Gibeon meteorites are found on top of the Karoo and post Karoo layers and embedded in the overlying Kalahari limestone deposits, in several cases specimens were found on top of the Kalahari limestone (Range 1913). The Karoo Sequence stretches from the carboniferous to jurassic and cretaceous isotopic ages. It consists of the older, carboniferous Dwyka Formation and thereafter the Ecca Subgroup with four formations. The Post Karoo complexes have an approximate age of 100 Ma. The overlying Kalahari Sequences are composed of calcrete terraces and Kalahari sands and show an age of 39 to 2 Ma. (Grünert 2003). However in several areas Pleistocene and Holocene lacustrine lime stone sediments occur with ages as young as 13.000 to 30.000 years. (Coetzee 1987). When Range stated that the Gibeon could not have occured earlier than in the Pleistocene he referred to these lacustrine sediments on top of which he had discovered a number specimens in situ (Range 1913).
When Range stated that Gibeon must have fell in the Holocene he referred to recent calcrete sediments on top of which he had discovered a number specimens in situ (Range 1913). A meteoritic mass of 250 kg and heavier will penetrate at least several feet into the top soil, even if little cosmic velocity remains on impact. This in mind it is still possible that the Gibeon meteorite fall occurred long after the formation of the youngest Kalahari deposits and that those find locations of meteorites found embedded in the Karoo soils represent specimens that penetrated the top horizon at the time of the fall.
As described above, the cosmic exposure history of the Gibeon is difficult to determine due to deep shielding of samples within the preatmospheric body and due to anomalies of the cosmogenic products. Determining the terrestrial history of iron meteorites with a suspected residence time of several ka derived from cosmogenic radio nuclides alone is a difficult and uncertain task that probably remains to be undertaken until sufficient technology becomes available.
Several researchers emphasized the pristine surface texture of many recovered Gibeon specimens. Buchwald speaks of a not too high terrestrial age, and states that the meteorites are well preserved and lack any deep attacks. The heat affected α2 zones observed by Buchwald were 0.5 – 2 mm thick, indicating that little surface material was lost to corrosion. If one compares Gibeon with other irons found under similar conditions, and of which approximate fall ages are known, Range’s geological dating of the Gibeon fall makes a lot of sense. Based on the few facts available it appears that the Gibeon meteorite shower occurred between 5,000 and 30,000 BP.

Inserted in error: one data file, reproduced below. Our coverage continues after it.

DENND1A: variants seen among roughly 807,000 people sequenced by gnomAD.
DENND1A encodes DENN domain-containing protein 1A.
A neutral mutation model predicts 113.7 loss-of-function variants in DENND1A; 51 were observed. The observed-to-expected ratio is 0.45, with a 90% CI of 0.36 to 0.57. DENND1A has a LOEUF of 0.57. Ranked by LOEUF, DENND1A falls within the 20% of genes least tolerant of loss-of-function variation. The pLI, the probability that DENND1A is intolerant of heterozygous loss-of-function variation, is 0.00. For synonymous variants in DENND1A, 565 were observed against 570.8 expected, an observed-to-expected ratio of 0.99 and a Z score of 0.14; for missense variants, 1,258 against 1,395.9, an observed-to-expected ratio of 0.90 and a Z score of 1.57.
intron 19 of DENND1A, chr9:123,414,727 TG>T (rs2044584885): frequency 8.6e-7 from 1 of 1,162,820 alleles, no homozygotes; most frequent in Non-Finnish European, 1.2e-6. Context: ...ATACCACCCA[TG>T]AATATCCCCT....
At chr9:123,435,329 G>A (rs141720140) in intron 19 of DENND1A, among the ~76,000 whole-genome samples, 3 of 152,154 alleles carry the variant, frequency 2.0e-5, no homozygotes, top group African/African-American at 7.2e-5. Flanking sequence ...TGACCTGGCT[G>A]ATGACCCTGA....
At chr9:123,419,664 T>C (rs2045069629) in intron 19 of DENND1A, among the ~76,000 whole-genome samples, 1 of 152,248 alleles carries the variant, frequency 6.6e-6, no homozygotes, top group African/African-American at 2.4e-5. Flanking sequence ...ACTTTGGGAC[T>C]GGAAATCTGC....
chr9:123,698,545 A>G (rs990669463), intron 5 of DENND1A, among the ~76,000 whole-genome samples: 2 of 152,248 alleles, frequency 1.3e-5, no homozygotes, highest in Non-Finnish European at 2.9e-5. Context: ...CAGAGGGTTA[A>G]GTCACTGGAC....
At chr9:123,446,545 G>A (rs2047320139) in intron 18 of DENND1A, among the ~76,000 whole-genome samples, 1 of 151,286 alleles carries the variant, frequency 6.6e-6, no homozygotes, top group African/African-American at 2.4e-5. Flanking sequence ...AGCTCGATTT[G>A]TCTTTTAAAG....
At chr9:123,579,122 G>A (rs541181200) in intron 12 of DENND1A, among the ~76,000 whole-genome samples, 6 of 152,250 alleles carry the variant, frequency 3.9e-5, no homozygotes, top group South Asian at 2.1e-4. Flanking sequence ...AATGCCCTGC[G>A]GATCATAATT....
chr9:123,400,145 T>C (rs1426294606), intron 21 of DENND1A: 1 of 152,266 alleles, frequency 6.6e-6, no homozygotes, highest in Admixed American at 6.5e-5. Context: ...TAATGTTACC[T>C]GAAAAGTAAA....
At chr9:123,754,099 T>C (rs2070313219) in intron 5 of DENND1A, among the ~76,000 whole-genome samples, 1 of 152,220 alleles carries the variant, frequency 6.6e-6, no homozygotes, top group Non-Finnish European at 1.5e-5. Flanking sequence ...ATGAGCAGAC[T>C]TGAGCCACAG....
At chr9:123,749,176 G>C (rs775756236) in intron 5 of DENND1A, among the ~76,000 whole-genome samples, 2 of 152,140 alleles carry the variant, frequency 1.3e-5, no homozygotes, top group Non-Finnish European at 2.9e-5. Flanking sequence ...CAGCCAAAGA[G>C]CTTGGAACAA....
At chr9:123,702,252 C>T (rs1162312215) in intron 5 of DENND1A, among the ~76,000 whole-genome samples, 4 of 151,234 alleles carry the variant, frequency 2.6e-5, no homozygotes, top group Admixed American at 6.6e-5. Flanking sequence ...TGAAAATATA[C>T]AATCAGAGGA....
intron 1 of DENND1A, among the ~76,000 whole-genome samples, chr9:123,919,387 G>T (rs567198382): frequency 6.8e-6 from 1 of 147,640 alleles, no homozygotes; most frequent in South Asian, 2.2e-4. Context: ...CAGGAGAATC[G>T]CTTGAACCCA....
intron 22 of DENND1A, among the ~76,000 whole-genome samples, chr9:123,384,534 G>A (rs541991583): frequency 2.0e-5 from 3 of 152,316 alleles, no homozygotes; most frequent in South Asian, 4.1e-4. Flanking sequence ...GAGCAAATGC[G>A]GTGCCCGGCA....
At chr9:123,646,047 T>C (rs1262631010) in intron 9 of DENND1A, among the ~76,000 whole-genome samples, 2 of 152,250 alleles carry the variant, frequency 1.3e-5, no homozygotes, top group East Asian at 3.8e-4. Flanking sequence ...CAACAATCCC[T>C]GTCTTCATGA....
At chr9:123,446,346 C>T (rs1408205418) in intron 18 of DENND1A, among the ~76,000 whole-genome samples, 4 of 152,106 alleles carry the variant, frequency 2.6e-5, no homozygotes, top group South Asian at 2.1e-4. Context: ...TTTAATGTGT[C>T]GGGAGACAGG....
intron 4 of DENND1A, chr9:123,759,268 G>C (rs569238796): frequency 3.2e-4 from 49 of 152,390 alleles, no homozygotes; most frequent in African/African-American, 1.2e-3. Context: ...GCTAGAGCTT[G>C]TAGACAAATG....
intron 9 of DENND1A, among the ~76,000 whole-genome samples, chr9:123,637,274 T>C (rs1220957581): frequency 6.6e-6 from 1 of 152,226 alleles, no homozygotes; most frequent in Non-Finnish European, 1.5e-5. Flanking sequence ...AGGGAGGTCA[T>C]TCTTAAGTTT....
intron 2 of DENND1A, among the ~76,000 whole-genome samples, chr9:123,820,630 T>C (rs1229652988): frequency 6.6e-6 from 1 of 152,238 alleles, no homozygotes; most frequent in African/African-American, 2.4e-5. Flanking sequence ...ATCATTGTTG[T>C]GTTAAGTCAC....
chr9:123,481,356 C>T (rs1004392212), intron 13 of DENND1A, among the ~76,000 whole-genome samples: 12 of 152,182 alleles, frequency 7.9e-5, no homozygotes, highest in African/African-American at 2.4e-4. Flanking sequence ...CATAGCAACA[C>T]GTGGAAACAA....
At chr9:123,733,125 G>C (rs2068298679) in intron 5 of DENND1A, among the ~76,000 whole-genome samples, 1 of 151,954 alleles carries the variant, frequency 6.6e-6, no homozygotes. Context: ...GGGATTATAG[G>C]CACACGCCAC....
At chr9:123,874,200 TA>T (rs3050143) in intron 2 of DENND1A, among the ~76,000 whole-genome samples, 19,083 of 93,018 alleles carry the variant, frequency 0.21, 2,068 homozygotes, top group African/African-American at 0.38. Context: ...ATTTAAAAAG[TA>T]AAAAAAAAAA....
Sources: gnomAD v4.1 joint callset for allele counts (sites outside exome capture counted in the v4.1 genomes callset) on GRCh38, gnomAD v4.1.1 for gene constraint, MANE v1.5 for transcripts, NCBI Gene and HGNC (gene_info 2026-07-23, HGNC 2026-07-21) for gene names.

The Gibeon meteorite strewnfield today
The total known weight of the recovered meteorites today exceeds 26 tons and the preatmospheric size of the Gibeon body was determined larger than 3 meters (Bajo et al. 2008). More than 74 larger masses (>100 kg) are known today and the number of smaller masses (< 30 kg) collected very probably exceeds 1000. The Gibeon meteorite shower is the 6th largest in total mass known at present.
The dimensions of the distribution field are approx. 230 x 115 miles which makes it the largest known meteorite strewn field. In contradiction to other known strewn fields the Gibeon distribution field lacks the typical mass distribution.
Apparently, large and smaller masses are spread randomly in the strewn field, with most of the smallest masses concentrated in the central area southeast of Gibeon, where most of the specimens have been found. Obviously the flight parameters of the meteorites were influenced by the kinetics of a significant terminal mid air explosion rather than by the usual aerodynamic forces alone. This way the Gibeon meteorite created rather a distribution fan than an ellipse.
Meteorite prospectors have searched the area since the late 19th century and finds continued until the 1990ies (Ashwal 2001). At Buchwald’s time, the locals made little use of metal detectors to prospect for Gibeon meteorites. This changed in the late 1970ies and 1980ies.
With the use of professional Equipment, also the mass distribution of the specimens recovered changed. Instead of few large masses many small specimens in the pound and kilo range were found. Unfortunately particularly these smaller finds distributed to museums and collectors lack precise find coordinates.
Gibeon meteorites today are widely distributed among museum and private collections. The material is valued not only for its beautiful etch pattern but also for its superior resistance to oxidation. In 2004 Namibia passed a new National Heritage act and therewith placed an export ban on meteorites. Under these laws it is considered an offence to even uncover or move a Gibeon meteorite from its find location. Gibeon specimens traded today among meteorite collectors and museums were usually exported from South Africa previous to the independency of Namibia and the current prohibition. Prices for Gibeon material have risen constantly since the export ban was established; from 50 $/kg and below for larger specimens in the 1970ies to 800 $/kg and above at present.
Field investigation at the site of the finds at present has ceased according to locals, and the current laws regrettably provide little encouragement for the local farmers to map and submit find locations and information on newly discovered meteorites to researchers. Despite the 2004 law, which even restricts any survey or investigation “for the purpose of finding […] a meteorite” (National Heritage Act 2004), it is to be hoped that Citron’s expectations on the future research of the Gibeon meteorite strewnfield are fulfilled:
“A thorough field investigation of this area would undoubtly lead to the recovery of many additional tons of meteoritic material and the delineation of the boundaries of this enormous shower.” (Citron 1967)